“And now we drink,” said the priest. The holy water came from deep within the cave in which we knelt. The priest, or mangku, had collected it in a rusty bucket left under a dripping stalactite. The cave was discovered five centuries ago by the Javanese priest Nirartha, progenitor of Bali’s particular strain of Shaivite Hinduism. In my sarong, sash, and headdress, I had nibbled the devotional rice, stuck a few grains on my forehead and solar plexus, assembled offerings, and prayed until my folded legs tingled on the cold cavern floor.
The mangku rang a bell and asked for blessings upon my wife and me. He spoke Kawi, the ancient language of poets and priests, in the rapid-fire patter of an auctioneer. The only words I understood were “hotel” and “Alila.”
Every Bali resort worth its hand-harvested salt has a slate of edifying cultural activities, but the Alila Villas Uluwatu goes several steps beyond. Filling a dense handbook, Alila’s roster of “Journeys” offers a more immersive experience than the average guest perhaps requires. You want to learn to play the gamelan? Practice djamoe medicine? Carve stone? Talk to the concierge.
Our choice was a guided tour of the temples of the Bukit Peninsula, on Bali’s southern coast, highlighted by a visit to the cave-hidden Pura Goa Gong, “the gong temple,” so named for a miraculous stalagmite that resonates when struck. Alila calls this excursion the Journey of Enlightenment. Before setting out we were issued a lengthy information packet that included the invaluable tip, “Sun protection and mosquito repellent are recommended for Enlightenment.”
But back to the water. My wife, Nilou, and I eyed the bucket nervously, thinking, as one would, about dysentery. A film of algae had formed across the top. But the water was blessed, we reminded ourselves, and couldn’t possibly hurt us. (I thought of the Ganges, where pilgrims brush their teeth downstream from women washing laundry with lye.) The mangku splashed a few drops on our heads, then lifted the ladle and administered the requisite dose. It tasted awful, like licking a battery. I suppose it was vaguely energizing. But it reeked to high heaven. As I struggled to swallow I considered that we might either reach enlightenment or die, or both.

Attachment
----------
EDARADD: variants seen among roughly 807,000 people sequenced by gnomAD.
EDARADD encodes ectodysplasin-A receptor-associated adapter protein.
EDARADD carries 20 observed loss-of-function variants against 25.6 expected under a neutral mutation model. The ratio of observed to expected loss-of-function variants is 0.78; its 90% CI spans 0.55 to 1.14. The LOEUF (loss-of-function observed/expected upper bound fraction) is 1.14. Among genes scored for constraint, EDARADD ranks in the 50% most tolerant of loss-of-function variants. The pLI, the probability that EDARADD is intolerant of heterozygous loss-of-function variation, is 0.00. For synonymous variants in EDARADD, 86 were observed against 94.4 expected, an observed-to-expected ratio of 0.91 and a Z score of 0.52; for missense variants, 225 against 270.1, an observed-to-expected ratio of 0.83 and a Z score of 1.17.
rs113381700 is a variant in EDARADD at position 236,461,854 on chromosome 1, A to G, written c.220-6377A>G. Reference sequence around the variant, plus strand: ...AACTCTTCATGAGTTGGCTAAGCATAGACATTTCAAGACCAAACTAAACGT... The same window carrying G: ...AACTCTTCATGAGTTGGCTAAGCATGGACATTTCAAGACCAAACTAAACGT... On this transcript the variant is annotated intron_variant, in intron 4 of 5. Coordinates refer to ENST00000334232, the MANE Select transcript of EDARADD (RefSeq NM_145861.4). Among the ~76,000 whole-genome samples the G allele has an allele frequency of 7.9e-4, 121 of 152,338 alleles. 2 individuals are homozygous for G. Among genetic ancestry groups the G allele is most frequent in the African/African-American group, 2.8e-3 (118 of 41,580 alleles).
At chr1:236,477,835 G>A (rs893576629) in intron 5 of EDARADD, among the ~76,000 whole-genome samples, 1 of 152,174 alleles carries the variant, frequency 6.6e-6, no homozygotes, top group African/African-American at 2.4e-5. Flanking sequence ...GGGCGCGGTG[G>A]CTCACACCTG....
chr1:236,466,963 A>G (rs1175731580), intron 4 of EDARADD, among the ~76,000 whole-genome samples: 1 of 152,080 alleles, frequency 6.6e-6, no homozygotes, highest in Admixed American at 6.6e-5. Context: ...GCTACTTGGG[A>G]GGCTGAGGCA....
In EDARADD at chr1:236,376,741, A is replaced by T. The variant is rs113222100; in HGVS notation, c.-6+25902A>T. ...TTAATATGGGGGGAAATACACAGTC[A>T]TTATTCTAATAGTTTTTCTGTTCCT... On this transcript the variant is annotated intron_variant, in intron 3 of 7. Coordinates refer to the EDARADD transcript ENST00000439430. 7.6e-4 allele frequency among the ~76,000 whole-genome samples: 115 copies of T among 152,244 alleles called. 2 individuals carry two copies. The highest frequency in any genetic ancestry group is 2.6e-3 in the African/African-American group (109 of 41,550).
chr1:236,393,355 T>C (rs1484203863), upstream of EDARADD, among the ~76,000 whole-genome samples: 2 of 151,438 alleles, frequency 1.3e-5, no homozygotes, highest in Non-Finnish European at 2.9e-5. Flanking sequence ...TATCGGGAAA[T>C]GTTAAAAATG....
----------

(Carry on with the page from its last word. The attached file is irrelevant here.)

We did not die. Not even a little. Nor, alas, did we achieve enlightenment. The holy water turned out to be benign, which was a relief and a disappointment. Instead of wrestling with giardia or epiphany, that night we enjoyed a transcendent meal at the Warung, the Alila’s Indonesian restaurant, whose tongue-tingling soto ayam (a chile-spiced chicken soup) was the best Balinese dish we had on the island. After dinner we reclined in our courtyard bale pavilion, gazing at a moonlit sea, with only the surf and the peep of geckos breaking the silence of our clifftop perch. The Alila’s clean lines and spare design—cool terrazzo and limestone offset with glowing hardwoods—made the resort even more of a retreat from the world outside its gates: an island overflowing with color and music and aromas and textures, a place that floods the senses.
Like so many travelers, we’d come back to Bali to connect with its spectacularly vibrant culture, and to see how it has endured. For after the setbacks of the last decade, Bali is booming again. Tourist arrivals are shattering all records. The resort enclaves of Seminyak and Kuta are so crowded with new shops, hotels, and restaurants that developers are reaching into unexploited corners of the island. Nilou and I had last visited six years ago, and in that time Bali appears to have discovered traffic: downtown Ubud was now mired in gridlock. The town was still buzzing from Julia Roberts’s recent visit for the filming of Eat Pray Love, which has turned a whole new generation on to Bali’s mystic charms.